Fixed Deferred Annuities Provide Security

If you visit a bank for information about a certificate of deposit nowadays you are just as likely to get an earful about deferred annuities instead. As interest rates have plunged to their lowest levels in 40 years, banks have been promoting these insurance products as a better alternative to CDs. But while annuities may be a good choice for many investors, they're not for everyone.

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What is a Deferred Annuity?

A deferred annuity is a contract with an insurance company. Deferred annuities are a common retirement savings tool because you don't pay taxes on earnings until you withdraw the money. At that point, you usually have several options, such as a lump payment or immediate annuity payments for as long as you live.

Two Types of Deferred Annuities

Deferred annuities come in two categories: fixed or variable. During the stock bull market, variable annuities were popular because they let policyholders choose among a number of investment options, such as stock mutual funds. These days, fixed annuities are in the limelight.

Fixed Deferred Annuity Contract Choices

With a fixed deferred annuity, the insurance company guarantees that it will pay no less than a minimum interest rate. But with some contracts you may earn more. Some companies offer a bonus rate the first year and after that the rate drops off.

Most annuities have surrender charges. That means policyholders will be penalized if they withdraw all or part of the money before the surrender period ends. For example, the surrender fee might be 5% in the first year of the contract, 4% the second year and so on until it disappears in year six. The formulas vary, and you need to get the details. Some fixed annuities let you withdraw a certain amount, such as 10% a year, without penalty. Others may waive the surrender fees if you die or have a terminal illness. Many states give you a certain number of days after you buy an annuity to return it; allowing you a period to review the contract while retaining the option of getting your money back.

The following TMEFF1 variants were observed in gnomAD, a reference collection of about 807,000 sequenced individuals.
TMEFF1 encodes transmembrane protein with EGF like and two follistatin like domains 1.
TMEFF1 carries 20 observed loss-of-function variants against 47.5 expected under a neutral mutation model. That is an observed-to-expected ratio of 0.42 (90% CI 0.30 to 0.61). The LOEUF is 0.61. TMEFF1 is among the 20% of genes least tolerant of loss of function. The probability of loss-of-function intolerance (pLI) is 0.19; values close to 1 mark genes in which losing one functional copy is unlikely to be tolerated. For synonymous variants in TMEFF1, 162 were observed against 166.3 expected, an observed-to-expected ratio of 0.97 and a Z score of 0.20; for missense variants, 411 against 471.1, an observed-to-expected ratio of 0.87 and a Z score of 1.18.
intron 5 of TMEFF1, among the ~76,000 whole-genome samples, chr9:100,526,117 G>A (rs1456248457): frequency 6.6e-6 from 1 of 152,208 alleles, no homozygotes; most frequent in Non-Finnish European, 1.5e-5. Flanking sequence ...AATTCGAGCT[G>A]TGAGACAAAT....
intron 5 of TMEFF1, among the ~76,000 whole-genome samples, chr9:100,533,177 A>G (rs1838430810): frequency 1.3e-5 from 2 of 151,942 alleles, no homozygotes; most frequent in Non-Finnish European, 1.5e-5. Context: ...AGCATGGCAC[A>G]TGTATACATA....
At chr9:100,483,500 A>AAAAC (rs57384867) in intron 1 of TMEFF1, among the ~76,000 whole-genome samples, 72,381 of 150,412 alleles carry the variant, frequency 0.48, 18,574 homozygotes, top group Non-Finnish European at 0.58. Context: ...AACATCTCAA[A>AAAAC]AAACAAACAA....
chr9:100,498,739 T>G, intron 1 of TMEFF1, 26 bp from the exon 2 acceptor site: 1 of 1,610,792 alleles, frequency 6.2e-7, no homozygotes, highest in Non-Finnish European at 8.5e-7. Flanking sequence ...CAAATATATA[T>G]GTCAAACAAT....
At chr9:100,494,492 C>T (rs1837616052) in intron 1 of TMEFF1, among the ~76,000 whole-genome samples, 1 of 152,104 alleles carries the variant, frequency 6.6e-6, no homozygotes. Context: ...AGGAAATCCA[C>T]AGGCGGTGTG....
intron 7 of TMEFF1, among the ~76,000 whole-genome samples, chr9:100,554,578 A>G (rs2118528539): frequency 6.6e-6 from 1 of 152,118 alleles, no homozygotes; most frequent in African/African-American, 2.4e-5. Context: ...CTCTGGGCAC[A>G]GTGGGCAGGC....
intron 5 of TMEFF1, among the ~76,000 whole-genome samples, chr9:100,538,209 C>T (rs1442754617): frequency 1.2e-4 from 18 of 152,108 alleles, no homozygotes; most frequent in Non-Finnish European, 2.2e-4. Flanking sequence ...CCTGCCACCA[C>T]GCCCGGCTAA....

Who Benefits most from Fixed Annuities?

Fixed deferred annuities are clearly for people who want predictability - those who can't stomach the ups and downs of the stock market. Many people who buy fixed annuities aren't seeking a long-term commitment. They may already be retired and just want an alternative to a CD -- a safe place to earn a decent return.

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Annuities offer one thing that CDs don't -- tax deferral. That means consumers in high tax brackets reap the most benefit. But fixed annuities, like CDs, are not liquid. So consider other options if you will need the money before the surrender period expires. Older consumers should think twice before locking up money in a long-term annuity.

There are pitfalls for younger people as well. If you're 45 and buy a fixed annuity thinking that you'll withdraw the money at the end of a seven-year surrender period to use for a down payment on a vacation home, think again. In most cases, you can't tap into an annuity before age 59 1/2 without incurring a 10% penalty on top of taxes on the earnings. Keep in mind that a fixed annuity is not FDIC insured. Each state has an insurance guaranty association that is designed to protect policyholders. Most states will protect up to $100,000 in fixed annuity benefits, but policyholders may have to wait to get their money after their insurer goes belly up.

Always Research a Fixed Deferred Annuity Purchase

Just as you wouldn't buy the first TV you see, if you decide a fixed annuity is a good investment, don't simply accept the first one that someone tries to sell you. Shop around for the best product. There are some simple tips for smart shoppers. Start by reading the NAIC' s helpful brochure, "A Buyers Guide to Fixed Deferred Annuities."

You also can consult an insurance broker who represents many companies. He will help you assess your needs and provide you with the best products available from their stable of insurers. When you've narrowed your search to a couple of annuities, check out the safety ratings of the insurance companies. Make sure they get one of the top scores from the ratings agencies. These agencies include Standard & Poor's, A.M. Best, Moody's and Weiss Ratings.

Never buy a financial product if you don't understand how it works. Ask questions; if the person trying to sell you an annuity can't explain a product to your satisfaction, find someone who can.

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